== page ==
Total Synthesis of Talatisamine (M. Inoue, 2020)
Talatisamine (1, see Figure 1) is a highly oxidized hexacyclic alkaloid. Isolated already almost 50 years ago from aconitum species published in Tetrahedron, the natural product was until now only once synthesized by Karel Wiesner et al. in the early 70s. In a recently published study, the Masayuki Inoue (井上将行) group from the University of Tokyo are now able to describe a second access to this alkaloid in the journal Angewandte Chemie. From a retrosynthetic view, the Inoue group decided to use the already examined strategy from Wiesner et al. to introduce the five-membered ring starting from enone 2. The 5,6,7-tricyclic ring system in the western part of the molecule from 2 should be available from a 6,6,6-tricyclic system by rearrangement. This tricyclic system itself should be available from 4 by intramolecular Diels Alder reaction. The Diels Alder precursor 4 should be synthesized from 5 and 6 by organometallic addition.
Coupling of fragments 5 and 6
For the synthesis of fragment 6, the Inoue group started with enone 7 with a 1,4 silylation followed by alpha acylation to 8 as shown in Scheme 1. Then another acylation gave a diester, which was subjected to a double Mannich reaction to form the desired 6,6-bicyclic ring system 9 in 39% from enone 7. However, the diastereoselectivity stayed low (2.5:1). In the next step, Fleming Tamao oxidation successfully introduced the secondary alcohol. Under the acidic conditions, retro aldol reaction led to the equilibration of the diastereomer (8:1). The alcohol was then protected as TBS ether 6 in 48% yield over 3 steps from 9. Using a common organometallic strategy alkyne 5 was coupled in 85% yield, but disappointing diastereoselectivity (dr 1:1). However, Barton McCombie deoxygenation slightly led to an improvement of the dr to 2.4:1.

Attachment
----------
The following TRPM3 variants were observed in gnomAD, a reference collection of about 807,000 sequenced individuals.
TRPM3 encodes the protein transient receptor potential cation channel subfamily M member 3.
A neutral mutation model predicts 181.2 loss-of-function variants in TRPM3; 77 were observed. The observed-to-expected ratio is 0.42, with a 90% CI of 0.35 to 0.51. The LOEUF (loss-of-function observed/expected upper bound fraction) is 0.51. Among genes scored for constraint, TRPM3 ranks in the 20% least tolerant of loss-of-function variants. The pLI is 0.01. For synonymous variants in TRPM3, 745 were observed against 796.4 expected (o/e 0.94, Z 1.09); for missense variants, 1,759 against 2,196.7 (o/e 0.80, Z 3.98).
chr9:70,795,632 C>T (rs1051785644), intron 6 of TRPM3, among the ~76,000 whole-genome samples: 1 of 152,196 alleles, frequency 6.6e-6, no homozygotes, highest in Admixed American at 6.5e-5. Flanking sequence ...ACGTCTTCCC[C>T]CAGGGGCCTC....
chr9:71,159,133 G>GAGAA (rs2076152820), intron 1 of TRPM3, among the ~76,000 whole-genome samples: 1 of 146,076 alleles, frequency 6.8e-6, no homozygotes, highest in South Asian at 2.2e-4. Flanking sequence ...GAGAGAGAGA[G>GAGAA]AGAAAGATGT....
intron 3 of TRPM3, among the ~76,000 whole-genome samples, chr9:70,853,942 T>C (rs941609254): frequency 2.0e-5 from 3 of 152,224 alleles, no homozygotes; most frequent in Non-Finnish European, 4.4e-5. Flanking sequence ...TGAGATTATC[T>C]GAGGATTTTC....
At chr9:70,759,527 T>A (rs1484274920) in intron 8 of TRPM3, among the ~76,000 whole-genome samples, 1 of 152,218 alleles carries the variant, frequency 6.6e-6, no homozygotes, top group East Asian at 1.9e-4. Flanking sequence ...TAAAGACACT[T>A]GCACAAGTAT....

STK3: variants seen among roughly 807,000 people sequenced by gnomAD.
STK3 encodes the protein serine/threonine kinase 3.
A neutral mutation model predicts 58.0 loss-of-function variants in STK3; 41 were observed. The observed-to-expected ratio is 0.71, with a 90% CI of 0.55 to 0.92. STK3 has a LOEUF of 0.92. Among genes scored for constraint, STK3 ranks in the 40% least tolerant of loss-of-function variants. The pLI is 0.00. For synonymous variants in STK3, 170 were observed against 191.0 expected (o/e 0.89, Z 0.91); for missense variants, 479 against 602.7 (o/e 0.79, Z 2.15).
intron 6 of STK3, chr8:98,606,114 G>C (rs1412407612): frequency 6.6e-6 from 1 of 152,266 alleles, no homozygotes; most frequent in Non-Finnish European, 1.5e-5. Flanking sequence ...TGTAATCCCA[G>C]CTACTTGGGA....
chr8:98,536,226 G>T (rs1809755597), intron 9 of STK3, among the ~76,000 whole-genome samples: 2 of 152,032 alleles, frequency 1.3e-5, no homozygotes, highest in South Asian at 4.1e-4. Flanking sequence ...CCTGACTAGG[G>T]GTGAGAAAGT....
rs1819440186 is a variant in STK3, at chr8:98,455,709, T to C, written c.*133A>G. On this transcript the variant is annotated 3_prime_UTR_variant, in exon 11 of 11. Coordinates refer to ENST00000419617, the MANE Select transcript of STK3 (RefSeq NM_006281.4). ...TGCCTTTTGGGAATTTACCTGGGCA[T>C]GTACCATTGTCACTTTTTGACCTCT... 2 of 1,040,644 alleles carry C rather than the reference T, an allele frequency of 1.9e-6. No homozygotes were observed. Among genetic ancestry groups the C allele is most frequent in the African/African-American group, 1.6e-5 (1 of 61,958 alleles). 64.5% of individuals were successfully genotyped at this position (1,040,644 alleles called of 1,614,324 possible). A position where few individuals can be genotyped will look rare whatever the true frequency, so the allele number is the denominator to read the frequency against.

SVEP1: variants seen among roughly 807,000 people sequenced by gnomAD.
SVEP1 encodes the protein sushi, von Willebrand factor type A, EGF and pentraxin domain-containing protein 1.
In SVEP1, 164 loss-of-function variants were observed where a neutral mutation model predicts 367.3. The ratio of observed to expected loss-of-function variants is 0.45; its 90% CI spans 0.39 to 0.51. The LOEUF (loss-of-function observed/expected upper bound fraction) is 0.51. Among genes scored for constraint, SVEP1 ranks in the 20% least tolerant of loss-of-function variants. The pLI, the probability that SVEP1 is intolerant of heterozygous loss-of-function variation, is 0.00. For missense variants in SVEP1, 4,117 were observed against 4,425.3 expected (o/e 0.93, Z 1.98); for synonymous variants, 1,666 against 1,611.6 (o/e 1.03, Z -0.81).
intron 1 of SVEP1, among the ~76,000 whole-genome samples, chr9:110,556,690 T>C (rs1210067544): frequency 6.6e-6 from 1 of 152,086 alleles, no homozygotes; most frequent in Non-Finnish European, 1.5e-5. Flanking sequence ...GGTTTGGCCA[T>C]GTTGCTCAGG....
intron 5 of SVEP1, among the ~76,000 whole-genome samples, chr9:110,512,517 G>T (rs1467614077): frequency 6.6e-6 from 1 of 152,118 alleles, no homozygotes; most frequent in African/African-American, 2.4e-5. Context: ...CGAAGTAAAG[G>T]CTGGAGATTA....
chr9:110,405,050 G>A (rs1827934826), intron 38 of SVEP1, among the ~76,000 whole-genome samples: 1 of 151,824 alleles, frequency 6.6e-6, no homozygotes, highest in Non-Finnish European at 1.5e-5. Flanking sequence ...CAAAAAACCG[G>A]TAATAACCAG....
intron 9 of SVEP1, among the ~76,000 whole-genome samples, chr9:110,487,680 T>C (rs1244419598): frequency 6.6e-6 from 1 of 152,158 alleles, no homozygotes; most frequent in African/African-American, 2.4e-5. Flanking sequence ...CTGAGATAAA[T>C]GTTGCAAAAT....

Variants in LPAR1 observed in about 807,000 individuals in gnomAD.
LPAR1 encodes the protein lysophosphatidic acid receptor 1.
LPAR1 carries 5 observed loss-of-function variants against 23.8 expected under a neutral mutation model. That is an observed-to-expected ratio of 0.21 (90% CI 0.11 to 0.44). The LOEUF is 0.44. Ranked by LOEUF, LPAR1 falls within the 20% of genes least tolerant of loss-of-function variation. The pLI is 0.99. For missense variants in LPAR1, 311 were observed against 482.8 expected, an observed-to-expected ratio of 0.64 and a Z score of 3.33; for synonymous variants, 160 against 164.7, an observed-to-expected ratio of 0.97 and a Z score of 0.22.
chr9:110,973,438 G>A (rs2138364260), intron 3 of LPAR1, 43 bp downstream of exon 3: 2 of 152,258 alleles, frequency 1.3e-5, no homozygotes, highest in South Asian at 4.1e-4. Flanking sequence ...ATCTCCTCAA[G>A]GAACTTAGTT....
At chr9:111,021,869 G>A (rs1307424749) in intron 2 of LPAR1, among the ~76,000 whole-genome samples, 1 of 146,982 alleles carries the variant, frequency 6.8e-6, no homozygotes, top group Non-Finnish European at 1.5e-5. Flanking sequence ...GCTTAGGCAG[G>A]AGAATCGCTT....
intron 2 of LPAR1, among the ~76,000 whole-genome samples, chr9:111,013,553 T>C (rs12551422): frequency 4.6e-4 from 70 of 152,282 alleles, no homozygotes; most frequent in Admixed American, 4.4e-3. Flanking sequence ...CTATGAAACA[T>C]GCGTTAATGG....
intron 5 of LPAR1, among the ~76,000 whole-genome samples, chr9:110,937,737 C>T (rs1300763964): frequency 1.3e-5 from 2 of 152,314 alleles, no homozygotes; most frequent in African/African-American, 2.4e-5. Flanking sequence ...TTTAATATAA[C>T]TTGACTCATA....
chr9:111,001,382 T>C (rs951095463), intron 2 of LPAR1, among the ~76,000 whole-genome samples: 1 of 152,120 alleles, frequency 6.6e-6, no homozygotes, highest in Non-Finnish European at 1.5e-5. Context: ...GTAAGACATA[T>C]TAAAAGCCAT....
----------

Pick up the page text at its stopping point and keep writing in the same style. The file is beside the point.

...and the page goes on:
Intramolecular Diels Alder reaction
After deoxygenation to 11 (see Scheme 2), the alkyne was fully reduced and the more accessible ester was converted into the methyl ether 12 by reduction and methylation. Note that the authors were able to separate the diastereomers at this stage. Then silyl ether deprotection was followed by methylation. Then the reduction of the second ester was followed by oxidation to the aldehyde 14 in 73% yield over 2 steps. Tebbe olefination gave the terminal alkene, which was followed by MOM deprotection and bromination of the phenol to 15. The introduction of the bromide was essential for the following Diels Alder reaction.
With fragment 15 in hand, the Inoue group was now able to examine the intramolecular Diels Alder reaction as shown in Scheme 3. First, the phenolic system had to be oxidized to the quinone 4 using PIDA and HCl for amine protection. Under thermal conditions Diels Alder cyclization gave 3 in 89% with regioselectivity from 2.2 to 1 (other isomer not shown), however, dimerization could be prevented by aforementioned bromination. The bromide could then successfully been removed in the next step and the ketone was reduced to the alcohol and converted into the triflate 16. The following Wagner-Meerwein rearrangement was induced by high temperatures and the usage of DBU to get in situ intermediate 17 which was oxidized to enone 2 in 83% yield. Enolization and oxidation in a vinylogous Rubottom oxidation were followed by Swern oxidation to access diketone 18.
Completion of total synthesis
In the last steps, ketone 18 was first transformed into the hydrazone followed by Luche reduction. Then reduction to diimine by catecholborane triggered the isomerization of the double bond to get alkene 19 in 44% yield from 18 as shown in Scheme 4. The free alcohol was then transformed into the methyl ether which was followed by acidic ketal cleavage and reduction to Wiesner's intermediate 20. However, reproduction of the literature-known procedure was challenging and talatisamine 1 was synthesized in only 29% yield after an extensive screening of reaction conditions.
In total, the Inoue group was able to report a new access to this highly complex natural product in 33 steps from enone 7. In their key steps, they were able to construct the polycyclic system by an intramolecular Diels Alder reaction and a Meerwein-Wagner rearrangement.
Published in: D. Kamakura, H. Todoroki, D. Urabe, K. Hagiwara, M. Inoue Angewandte Chemie Int. Ed. 2020, 59, 479-486. doi: 10.1002/anie.201912737